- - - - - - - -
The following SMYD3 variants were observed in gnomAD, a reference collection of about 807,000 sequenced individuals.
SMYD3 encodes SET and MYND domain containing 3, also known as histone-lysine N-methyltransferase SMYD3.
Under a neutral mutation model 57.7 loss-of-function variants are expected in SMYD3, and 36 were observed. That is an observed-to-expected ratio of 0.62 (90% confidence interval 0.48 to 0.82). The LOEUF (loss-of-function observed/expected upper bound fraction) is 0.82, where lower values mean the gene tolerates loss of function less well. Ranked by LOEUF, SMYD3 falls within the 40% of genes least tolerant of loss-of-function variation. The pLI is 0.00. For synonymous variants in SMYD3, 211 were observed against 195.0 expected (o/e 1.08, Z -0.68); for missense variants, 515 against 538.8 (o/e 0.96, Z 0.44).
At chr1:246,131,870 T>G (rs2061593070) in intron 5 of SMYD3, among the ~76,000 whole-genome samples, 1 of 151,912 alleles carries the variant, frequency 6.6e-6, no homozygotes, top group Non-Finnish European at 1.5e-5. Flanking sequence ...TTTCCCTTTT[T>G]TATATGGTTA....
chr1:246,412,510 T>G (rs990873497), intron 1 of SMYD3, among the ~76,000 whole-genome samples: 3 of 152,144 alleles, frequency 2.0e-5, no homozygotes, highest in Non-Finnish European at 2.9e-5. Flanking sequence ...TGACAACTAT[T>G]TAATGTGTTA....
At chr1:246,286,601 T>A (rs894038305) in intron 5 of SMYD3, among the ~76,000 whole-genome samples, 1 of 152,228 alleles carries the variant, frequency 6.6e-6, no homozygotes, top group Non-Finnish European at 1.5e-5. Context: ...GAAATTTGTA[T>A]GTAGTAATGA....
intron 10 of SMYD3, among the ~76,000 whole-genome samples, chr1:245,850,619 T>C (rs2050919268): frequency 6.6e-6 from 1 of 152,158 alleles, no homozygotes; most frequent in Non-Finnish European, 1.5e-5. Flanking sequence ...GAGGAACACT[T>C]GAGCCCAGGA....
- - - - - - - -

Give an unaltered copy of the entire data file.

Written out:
The following SMYD3 variants were observed in gnomAD, a reference collection of about 807,000 sequenced individuals.
SMYD3 encodes SET and MYND domain containing 3, also known as histone-lysine N-methyltransferase SMYD3.
Under a neutral mutation model 57.7 loss-of-function variants are expected in SMYD3, and 36 were observed. That is an observed-to-expected ratio of 0.62 (90% confidence interval 0.48 to 0.82). The LOEUF (loss-of-function observed/expected upper bound fraction) is 0.82, where lower values mean the gene tolerates loss of function less well. Ranked by LOEUF, SMYD3 falls within the 40% of genes least tolerant of loss-of-function variation. The pLI is 0.00. For synonymous variants in SMYD3, 211 were observed against 195.0 expected (o/e 1.08, Z -0.68); for missense variants, 515 against 538.8 (o/e 0.96, Z 0.44).
At chr1:246,131,870 T>G (rs2061593070) in intron 5 of SMYD3, among the ~76,000 whole-genome samples, 1 of 151,912 alleles carries the variant, frequency 6.6e-6, no homozygotes, top group Non-Finnish European at 1.5e-5. Flanking sequence ...TTTCCCTTTT[T>G]TATATGGTTA....
chr1:246,412,510 T>G (rs990873497), intron 1 of SMYD3, among the ~76,000 whole-genome samples: 3 of 152,144 alleles, frequency 2.0e-5, no homozygotes, highest in Non-Finnish European at 2.9e-5. Flanking sequence ...TGACAACTAT[T>G]TAATGTGTTA....
At chr1:246,286,601 T>A (rs894038305) in intron 5 of SMYD3, among the ~76,000 whole-genome samples, 1 of 152,228 alleles carries the variant, frequency 6.6e-6, no homozygotes, top group Non-Finnish European at 1.5e-5. Context: ...GAAATTTGTA[T>A]GTAGTAATGA....
intron 10 of SMYD3, among the ~76,000 whole-genome samples, chr1:245,850,619 T>C (rs2050919268): frequency 6.6e-6 from 1 of 152,158 alleles, no homozygotes; most frequent in Non-Finnish European, 1.5e-5. Flanking sequence ...GAGGAACACT[T>C]GAGCCCAGGA....